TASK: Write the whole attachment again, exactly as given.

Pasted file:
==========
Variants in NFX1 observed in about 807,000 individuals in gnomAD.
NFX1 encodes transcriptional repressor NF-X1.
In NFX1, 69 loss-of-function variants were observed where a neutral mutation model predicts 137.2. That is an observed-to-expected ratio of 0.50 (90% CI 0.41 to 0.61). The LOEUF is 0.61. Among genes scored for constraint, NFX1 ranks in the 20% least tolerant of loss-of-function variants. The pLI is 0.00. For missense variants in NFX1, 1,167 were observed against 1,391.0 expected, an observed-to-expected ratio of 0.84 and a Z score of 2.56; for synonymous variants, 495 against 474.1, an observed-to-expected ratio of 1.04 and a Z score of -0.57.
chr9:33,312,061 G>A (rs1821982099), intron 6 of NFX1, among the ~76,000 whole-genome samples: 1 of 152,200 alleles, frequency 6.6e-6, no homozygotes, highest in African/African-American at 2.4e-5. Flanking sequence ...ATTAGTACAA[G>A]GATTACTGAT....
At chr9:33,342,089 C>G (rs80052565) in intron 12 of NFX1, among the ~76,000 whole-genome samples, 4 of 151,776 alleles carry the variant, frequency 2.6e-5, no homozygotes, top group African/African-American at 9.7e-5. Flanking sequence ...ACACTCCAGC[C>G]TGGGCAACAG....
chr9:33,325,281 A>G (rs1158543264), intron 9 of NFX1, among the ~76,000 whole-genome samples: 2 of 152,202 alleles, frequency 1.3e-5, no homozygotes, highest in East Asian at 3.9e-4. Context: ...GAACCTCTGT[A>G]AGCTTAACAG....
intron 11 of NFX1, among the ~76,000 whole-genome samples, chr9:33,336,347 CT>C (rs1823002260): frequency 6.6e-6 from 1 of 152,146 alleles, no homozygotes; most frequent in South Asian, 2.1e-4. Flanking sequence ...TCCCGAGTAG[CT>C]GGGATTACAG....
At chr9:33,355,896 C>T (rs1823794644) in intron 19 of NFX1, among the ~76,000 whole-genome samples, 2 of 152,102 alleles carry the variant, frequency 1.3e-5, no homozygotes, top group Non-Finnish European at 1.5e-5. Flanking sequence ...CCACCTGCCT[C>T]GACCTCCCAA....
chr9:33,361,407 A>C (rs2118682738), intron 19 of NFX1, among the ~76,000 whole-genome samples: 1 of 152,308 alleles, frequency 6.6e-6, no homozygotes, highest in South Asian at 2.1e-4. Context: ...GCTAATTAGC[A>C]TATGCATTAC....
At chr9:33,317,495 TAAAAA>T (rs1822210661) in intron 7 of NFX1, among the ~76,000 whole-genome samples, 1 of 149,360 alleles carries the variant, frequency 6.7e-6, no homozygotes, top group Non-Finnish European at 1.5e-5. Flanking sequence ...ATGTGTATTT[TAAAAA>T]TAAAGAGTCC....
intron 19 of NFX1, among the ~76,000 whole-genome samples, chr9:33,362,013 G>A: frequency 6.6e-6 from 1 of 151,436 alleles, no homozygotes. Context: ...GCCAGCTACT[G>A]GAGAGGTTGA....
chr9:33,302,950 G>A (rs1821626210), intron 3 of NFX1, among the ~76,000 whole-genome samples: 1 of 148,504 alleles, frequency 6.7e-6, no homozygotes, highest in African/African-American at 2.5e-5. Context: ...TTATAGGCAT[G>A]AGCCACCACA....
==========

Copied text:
Variants in NFX1 observed in about 807,000 individuals in gnomAD.
NFX1 encodes transcriptional repressor NF-X1.
In NFX1, 69 loss-of-function variants were observed where a neutral mutation model predicts 137.2. That is an observed-to-expected ratio of 0.50 (90% CI 0.41 to 0.61). The LOEUF is 0.61. Among genes scored for constraint, NFX1 ranks in the 20% least tolerant of loss-of-function variants. The pLI is 0.00. For missense variants in NFX1, 1,167 were observed against 1,391.0 expected, an observed-to-expected ratio of 0.84 and a Z score of 2.56; for synonymous variants, 495 against 474.1, an observed-to-expected ratio of 1.04 and a Z score of -0.57.
chr9:33,312,061 G>A (rs1821982099), intron 6 of NFX1, among the ~76,000 whole-genome samples: 1 of 152,200 alleles, frequency 6.6e-6, no homozygotes, highest in African/African-American at 2.4e-5. Flanking sequence ...ATTAGTACAA[G>A]GATTACTGAT....
At chr9:33,342,089 C>G (rs80052565) in intron 12 of NFX1, among the ~76,000 whole-genome samples, 4 of 151,776 alleles carry the variant, frequency 2.6e-5, no homozygotes, top group African/African-American at 9.7e-5. Flanking sequence ...ACACTCCAGC[C>G]TGGGCAACAG....
chr9:33,325,281 A>G (rs1158543264), intron 9 of NFX1, among the ~76,000 whole-genome samples: 2 of 152,202 alleles, frequency 1.3e-5, no homozygotes, highest in East Asian at 3.9e-4. Context: ...GAACCTCTGT[A>G]AGCTTAACAG....
intron 11 of NFX1, among the ~76,000 whole-genome samples, chr9:33,336,347 CT>C (rs1823002260): frequency 6.6e-6 from 1 of 152,146 alleles, no homozygotes; most frequent in South Asian, 2.1e-4. Flanking sequence ...TCCCGAGTAG[CT>C]GGGATTACAG....
At chr9:33,355,896 C>T (rs1823794644) in intron 19 of NFX1, among the ~76,000 whole-genome samples, 2 of 152,102 alleles carry the variant, frequency 1.3e-5, no homozygotes, top group Non-Finnish European at 1.5e-5. Flanking sequence ...CCACCTGCCT[C>T]GACCTCCCAA....
chr9:33,361,407 A>C (rs2118682738), intron 19 of NFX1, among the ~76,000 whole-genome samples: 1 of 152,308 alleles, frequency 6.6e-6, no homozygotes, highest in South Asian at 2.1e-4. Context: ...GCTAATTAGC[A>C]TATGCATTAC....
At chr9:33,317,495 TAAAAA>T (rs1822210661) in intron 7 of NFX1, among the ~76,000 whole-genome samples, 1 of 149,360 alleles carries the variant, frequency 6.7e-6, no homozygotes, top group Non-Finnish European at 1.5e-5. Flanking sequence ...ATGTGTATTT[TAAAAA>T]TAAAGAGTCC....
intron 19 of NFX1, among the ~76,000 whole-genome samples, chr9:33,362,013 G>A: frequency 6.6e-6 from 1 of 151,436 alleles, no homozygotes. Context: ...GCCAGCTACT[G>A]GAGAGGTTGA....
chr9:33,302,950 G>A (rs1821626210), intron 3 of NFX1, among the ~76,000 whole-genome samples: 1 of 148,504 alleles, frequency 6.7e-6, no homozygotes, highest in African/African-American at 2.5e-5. Context: ...TTATAGGCAT[G>A]AGCCACCACA....